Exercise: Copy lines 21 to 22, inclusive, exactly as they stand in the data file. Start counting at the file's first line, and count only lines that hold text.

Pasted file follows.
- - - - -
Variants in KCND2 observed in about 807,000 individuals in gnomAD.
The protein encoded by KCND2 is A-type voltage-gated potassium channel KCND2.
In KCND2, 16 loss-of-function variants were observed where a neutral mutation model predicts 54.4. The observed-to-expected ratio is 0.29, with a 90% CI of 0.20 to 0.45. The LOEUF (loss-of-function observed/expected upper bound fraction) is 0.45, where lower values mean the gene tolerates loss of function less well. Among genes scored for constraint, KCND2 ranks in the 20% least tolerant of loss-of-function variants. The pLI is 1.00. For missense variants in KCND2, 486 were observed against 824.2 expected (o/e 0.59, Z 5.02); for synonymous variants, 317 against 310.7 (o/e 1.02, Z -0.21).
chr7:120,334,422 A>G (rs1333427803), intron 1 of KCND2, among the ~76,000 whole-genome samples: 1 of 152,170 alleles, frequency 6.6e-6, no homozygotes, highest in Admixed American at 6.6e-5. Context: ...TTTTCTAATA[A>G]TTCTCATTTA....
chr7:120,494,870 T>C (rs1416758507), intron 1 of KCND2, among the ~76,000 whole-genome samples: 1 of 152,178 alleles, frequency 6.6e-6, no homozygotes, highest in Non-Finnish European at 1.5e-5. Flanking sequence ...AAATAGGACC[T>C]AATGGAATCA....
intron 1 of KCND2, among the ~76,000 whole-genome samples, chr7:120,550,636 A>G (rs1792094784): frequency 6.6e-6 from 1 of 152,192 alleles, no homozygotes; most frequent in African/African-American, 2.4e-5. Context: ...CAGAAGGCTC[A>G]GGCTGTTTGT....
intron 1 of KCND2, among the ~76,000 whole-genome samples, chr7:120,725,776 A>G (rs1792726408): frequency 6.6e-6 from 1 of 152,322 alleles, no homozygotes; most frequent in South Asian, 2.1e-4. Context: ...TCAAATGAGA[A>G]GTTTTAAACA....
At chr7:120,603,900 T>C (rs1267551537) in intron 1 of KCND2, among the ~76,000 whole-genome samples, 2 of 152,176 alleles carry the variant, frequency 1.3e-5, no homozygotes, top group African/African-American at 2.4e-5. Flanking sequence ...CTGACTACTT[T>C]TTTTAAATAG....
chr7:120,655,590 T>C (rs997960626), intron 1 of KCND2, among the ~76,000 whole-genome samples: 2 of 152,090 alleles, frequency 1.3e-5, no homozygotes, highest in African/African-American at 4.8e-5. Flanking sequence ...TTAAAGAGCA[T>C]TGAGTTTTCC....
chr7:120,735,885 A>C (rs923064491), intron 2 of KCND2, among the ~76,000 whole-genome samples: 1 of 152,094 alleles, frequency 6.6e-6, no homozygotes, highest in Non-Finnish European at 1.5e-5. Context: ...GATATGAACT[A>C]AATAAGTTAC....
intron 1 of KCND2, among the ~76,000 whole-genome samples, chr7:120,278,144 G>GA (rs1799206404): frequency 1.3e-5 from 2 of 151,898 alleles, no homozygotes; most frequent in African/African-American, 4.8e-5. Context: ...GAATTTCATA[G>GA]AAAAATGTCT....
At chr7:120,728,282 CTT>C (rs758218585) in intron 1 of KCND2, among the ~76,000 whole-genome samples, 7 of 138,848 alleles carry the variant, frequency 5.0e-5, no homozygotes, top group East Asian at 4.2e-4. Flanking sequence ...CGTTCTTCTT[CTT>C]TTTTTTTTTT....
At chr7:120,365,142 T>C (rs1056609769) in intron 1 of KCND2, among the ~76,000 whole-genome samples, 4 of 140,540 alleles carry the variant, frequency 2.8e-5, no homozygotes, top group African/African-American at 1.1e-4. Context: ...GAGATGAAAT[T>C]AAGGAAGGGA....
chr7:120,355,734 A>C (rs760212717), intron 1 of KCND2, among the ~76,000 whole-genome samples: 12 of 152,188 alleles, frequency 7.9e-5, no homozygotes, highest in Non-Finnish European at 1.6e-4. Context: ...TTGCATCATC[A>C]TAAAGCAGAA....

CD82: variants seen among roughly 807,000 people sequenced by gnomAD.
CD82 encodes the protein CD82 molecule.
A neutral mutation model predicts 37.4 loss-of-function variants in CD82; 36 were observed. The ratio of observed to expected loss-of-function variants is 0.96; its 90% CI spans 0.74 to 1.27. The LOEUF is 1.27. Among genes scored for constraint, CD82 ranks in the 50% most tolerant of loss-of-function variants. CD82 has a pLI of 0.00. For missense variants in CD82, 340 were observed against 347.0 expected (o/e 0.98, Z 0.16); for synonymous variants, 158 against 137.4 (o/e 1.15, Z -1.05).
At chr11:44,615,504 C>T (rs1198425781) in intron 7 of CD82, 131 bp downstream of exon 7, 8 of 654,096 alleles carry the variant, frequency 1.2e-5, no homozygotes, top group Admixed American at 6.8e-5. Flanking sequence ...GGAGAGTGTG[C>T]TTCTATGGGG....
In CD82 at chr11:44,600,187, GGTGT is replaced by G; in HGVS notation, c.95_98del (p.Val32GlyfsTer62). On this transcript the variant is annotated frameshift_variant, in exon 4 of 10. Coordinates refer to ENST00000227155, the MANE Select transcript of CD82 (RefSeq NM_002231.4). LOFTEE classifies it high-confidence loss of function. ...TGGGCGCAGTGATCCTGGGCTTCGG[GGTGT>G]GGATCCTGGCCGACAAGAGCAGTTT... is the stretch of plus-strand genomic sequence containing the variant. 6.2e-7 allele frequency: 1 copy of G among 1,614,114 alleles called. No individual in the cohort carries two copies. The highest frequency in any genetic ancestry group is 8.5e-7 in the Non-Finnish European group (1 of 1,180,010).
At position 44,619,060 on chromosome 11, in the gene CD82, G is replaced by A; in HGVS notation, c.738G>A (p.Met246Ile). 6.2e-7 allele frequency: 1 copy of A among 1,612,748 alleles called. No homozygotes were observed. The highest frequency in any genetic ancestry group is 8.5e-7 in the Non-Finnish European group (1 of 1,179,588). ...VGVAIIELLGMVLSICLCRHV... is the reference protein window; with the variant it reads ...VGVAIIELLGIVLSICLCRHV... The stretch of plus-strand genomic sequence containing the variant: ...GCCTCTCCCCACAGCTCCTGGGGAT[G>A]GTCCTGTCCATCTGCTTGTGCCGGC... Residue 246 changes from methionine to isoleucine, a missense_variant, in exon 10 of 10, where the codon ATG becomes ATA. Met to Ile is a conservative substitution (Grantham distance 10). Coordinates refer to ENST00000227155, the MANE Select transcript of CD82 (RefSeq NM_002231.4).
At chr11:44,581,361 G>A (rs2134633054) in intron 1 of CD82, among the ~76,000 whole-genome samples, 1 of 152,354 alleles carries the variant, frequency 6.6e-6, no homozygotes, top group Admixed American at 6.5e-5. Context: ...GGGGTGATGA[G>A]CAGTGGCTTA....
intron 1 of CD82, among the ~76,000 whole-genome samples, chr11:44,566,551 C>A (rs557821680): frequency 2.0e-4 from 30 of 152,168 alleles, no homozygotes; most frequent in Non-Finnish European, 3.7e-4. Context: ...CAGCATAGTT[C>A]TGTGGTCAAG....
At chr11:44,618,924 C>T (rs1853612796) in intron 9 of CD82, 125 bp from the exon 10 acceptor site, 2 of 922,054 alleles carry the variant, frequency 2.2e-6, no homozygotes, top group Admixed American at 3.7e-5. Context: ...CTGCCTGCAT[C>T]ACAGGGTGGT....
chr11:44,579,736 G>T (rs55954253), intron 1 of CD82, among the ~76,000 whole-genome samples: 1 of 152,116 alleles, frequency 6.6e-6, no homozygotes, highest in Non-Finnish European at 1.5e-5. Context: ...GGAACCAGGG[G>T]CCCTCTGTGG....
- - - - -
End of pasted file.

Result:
At chr11:44,581,361 G>A (rs2134633054) in intron 1 of CD82, among the ~76,000 whole-genome samples, 1 of 152,354 alleles carries the variant, frequency 6.6e-6, no homozygotes, top group Admixed American at 6.5e-5. Context: ...GGGGTGATGA[G>A]CAGTGGCTTA....
intron 1 of CD82, among the ~76,000 whole-genome samples, chr11:44,566,551 C>A (rs557821680): frequency 2.0e-4 from 30 of 152,168 alleles, no homozygotes; most frequent in Non-Finnish European, 3.7e-4. Context: ...CAGCATAGTT[C>A]TGTGGTCAAG....